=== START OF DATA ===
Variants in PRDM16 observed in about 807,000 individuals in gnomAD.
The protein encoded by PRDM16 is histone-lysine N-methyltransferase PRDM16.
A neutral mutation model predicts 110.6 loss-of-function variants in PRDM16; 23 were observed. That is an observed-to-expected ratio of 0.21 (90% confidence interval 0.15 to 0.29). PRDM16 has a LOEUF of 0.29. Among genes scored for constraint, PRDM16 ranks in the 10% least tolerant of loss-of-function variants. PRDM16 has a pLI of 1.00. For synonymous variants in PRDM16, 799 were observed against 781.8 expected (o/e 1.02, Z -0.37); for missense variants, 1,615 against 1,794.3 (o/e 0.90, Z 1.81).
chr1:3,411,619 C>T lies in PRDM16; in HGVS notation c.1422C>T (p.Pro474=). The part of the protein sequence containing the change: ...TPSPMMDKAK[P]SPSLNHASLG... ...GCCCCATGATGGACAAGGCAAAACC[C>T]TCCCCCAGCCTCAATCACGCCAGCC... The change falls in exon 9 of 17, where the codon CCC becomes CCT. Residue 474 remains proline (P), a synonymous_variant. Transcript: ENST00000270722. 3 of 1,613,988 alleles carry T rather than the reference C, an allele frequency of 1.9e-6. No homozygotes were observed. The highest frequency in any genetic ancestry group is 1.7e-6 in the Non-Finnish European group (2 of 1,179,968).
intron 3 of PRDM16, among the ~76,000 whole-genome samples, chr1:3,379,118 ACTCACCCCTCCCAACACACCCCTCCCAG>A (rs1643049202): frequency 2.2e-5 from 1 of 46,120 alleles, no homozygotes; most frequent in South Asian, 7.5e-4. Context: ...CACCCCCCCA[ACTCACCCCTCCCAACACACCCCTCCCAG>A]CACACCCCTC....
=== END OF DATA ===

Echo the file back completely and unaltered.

Variants in PRDM16 observed in about 807,000 individuals in gnomAD.
The protein encoded by PRDM16 is histone-lysine N-methyltransferase PRDM16.
A neutral mutation model predicts 110.6 loss-of-function variants in PRDM16; 23 were observed. That is an observed-to-expected ratio of 0.21 (90% confidence interval 0.15 to 0.29). PRDM16 has a LOEUF of 0.29. Among genes scored for constraint, PRDM16 ranks in the 10% least tolerant of loss-of-function variants. PRDM16 has a pLI of 1.00. For synonymous variants in PRDM16, 799 were observed against 781.8 expected (o/e 1.02, Z -0.37); for missense variants, 1,615 against 1,794.3 (o/e 0.90, Z 1.81).
chr1:3,411,619 C>T lies in PRDM16; in HGVS notation c.1422C>T (p.Pro474=). The part of the protein sequence containing the change: ...TPSPMMDKAK[P]SPSLNHASLG... ...GCCCCATGATGGACAAGGCAAAACC[C>T]TCCCCCAGCCTCAATCACGCCAGCC... The change falls in exon 9 of 17, where the codon CCC becomes CCT. Residue 474 remains proline (P), a synonymous_variant. Transcript: ENST00000270722. 3 of 1,613,988 alleles carry T rather than the reference C, an allele frequency of 1.9e-6. No homozygotes were observed. The highest frequency in any genetic ancestry group is 1.7e-6 in the Non-Finnish European group (2 of 1,179,968).
intron 3 of PRDM16, among the ~76,000 whole-genome samples, chr1:3,379,118 ACTCACCCCTCCCAACACACCCCTCCCAG>A (rs1643049202): frequency 2.2e-5 from 1 of 46,120 alleles, no homozygotes; most frequent in South Asian, 7.5e-4. Context: ...CACCCCCCCA[ACTCACCCCTCCCAACACACCCCTCCCAG>A]CACACCCCTC....